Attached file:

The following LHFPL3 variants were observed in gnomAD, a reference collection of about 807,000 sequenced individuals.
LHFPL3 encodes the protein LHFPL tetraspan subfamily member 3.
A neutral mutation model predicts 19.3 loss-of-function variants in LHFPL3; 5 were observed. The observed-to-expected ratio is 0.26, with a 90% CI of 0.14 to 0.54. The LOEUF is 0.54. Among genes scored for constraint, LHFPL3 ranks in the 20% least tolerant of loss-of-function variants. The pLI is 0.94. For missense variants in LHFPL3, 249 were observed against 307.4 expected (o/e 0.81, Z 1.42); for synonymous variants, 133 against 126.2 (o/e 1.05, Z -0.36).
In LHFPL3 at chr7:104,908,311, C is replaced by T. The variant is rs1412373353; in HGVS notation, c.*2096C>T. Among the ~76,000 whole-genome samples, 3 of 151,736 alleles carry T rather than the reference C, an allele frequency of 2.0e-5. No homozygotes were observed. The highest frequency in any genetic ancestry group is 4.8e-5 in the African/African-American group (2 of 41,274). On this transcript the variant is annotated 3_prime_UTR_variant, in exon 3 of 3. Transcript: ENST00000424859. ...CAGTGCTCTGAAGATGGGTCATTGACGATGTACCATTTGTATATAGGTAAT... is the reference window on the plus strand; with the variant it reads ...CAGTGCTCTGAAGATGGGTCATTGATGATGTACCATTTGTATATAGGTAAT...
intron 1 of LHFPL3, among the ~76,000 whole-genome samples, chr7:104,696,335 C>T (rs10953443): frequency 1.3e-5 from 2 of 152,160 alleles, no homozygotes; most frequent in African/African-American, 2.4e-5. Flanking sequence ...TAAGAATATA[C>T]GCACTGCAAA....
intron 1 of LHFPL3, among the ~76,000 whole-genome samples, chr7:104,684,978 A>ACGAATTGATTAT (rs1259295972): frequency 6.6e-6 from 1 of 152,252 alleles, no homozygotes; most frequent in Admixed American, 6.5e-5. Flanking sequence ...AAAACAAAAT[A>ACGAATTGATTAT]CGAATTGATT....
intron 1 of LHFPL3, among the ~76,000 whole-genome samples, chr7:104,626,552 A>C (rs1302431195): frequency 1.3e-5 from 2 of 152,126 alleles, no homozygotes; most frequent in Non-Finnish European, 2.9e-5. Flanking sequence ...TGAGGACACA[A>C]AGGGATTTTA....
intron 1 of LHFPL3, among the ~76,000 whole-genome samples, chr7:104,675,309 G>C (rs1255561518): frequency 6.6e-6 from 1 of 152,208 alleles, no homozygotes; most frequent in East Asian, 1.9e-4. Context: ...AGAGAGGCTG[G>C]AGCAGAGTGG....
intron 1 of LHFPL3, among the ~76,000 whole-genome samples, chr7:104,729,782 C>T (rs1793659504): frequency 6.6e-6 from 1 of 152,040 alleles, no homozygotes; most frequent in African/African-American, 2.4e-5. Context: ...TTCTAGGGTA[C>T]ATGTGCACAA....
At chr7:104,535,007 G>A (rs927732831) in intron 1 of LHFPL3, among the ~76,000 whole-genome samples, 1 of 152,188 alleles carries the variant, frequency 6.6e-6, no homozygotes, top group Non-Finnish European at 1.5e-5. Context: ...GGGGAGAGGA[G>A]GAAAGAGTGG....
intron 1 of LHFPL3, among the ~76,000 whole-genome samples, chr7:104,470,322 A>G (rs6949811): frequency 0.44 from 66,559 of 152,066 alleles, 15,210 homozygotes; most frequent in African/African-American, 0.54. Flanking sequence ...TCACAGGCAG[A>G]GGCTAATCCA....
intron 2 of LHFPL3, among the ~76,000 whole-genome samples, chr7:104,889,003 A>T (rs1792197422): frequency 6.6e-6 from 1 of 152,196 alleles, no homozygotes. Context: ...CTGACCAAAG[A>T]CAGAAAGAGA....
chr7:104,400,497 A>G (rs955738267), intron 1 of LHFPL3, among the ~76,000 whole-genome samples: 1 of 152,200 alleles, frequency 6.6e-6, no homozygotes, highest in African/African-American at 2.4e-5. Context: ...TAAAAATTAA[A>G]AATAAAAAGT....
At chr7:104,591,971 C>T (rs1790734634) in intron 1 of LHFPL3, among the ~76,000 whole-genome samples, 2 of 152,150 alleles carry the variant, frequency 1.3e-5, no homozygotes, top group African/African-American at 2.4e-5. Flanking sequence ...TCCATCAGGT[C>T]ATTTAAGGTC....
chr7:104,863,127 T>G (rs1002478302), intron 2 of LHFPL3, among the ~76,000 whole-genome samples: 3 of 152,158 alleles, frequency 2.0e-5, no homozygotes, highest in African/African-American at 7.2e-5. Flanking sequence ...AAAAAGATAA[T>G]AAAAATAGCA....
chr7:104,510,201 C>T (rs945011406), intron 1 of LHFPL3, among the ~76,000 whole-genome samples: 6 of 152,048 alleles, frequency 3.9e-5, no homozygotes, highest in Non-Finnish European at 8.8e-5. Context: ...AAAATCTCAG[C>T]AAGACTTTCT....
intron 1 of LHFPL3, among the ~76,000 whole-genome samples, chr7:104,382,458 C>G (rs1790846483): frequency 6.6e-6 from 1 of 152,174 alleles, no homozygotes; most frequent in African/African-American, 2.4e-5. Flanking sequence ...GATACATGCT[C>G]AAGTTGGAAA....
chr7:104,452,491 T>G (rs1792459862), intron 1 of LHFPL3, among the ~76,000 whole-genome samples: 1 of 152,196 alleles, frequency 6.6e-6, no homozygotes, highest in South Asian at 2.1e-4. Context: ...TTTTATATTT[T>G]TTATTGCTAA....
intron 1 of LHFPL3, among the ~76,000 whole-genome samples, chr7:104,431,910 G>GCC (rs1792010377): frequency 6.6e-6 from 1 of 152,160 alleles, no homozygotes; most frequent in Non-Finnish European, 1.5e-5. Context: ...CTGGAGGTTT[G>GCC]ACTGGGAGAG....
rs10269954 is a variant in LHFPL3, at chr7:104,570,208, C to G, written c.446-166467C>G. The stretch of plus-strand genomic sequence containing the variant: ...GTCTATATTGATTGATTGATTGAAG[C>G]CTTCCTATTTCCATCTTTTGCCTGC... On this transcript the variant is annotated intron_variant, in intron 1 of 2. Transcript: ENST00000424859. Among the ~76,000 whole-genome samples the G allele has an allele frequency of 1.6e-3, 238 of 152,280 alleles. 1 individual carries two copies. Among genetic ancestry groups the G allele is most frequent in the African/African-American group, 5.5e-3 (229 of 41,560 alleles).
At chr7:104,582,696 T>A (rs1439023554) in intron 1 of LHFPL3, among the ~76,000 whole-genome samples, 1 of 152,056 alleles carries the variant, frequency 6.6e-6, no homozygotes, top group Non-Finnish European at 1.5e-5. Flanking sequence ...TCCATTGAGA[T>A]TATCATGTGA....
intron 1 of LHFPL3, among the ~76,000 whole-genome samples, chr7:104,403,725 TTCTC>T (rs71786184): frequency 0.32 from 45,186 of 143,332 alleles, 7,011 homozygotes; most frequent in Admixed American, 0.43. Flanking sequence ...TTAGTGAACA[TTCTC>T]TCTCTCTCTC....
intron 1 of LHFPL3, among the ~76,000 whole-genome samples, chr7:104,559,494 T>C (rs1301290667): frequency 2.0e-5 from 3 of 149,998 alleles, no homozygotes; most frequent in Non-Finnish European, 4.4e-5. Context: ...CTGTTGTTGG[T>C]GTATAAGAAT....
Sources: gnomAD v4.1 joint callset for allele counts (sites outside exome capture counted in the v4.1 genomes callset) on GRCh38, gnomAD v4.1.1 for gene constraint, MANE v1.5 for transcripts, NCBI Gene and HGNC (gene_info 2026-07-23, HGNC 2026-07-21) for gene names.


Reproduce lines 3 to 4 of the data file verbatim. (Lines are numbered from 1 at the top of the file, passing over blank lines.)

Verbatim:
A neutral mutation model predicts 19.3 loss-of-function variants in LHFPL3; 5 were observed. The observed-to-expected ratio is 0.26, with a 90% CI of 0.14 to 0.54. The LOEUF is 0.54. Among genes scored for constraint, LHFPL3 ranks in the 20% least tolerant of loss-of-function variants. The pLI is 0.94. For missense variants in LHFPL3, 249 were observed against 307.4 expected (o/e 0.81, Z 1.42); for synonymous variants, 133 against 126.2 (o/e 1.05, Z -0.36).
In LHFPL3 at chr7:104,908,311, C is replaced by T. The variant is rs1412373353; in HGVS notation, c.*2096C>T. Among the ~76,000 whole-genome samples, 3 of 151,736 alleles carry T rather than the reference C, an allele frequency of 2.0e-5. No homozygotes were observed. The highest frequency in any genetic ancestry group is 4.8e-5 in the African/African-American group (2 of 41,274). On this transcript the variant is annotated 3_prime_UTR_variant, in exon 3 of 3. Transcript: ENST00000424859. ...CAGTGCTCTGAAGATGGGTCATTGACGATGTACCATTTGTATATAGGTAAT... is the reference window on the plus strand; with the variant it reads ...CAGTGCTCTGAAGATGGGTCATTGATGATGTACCATTTGTATATAGGTAAT...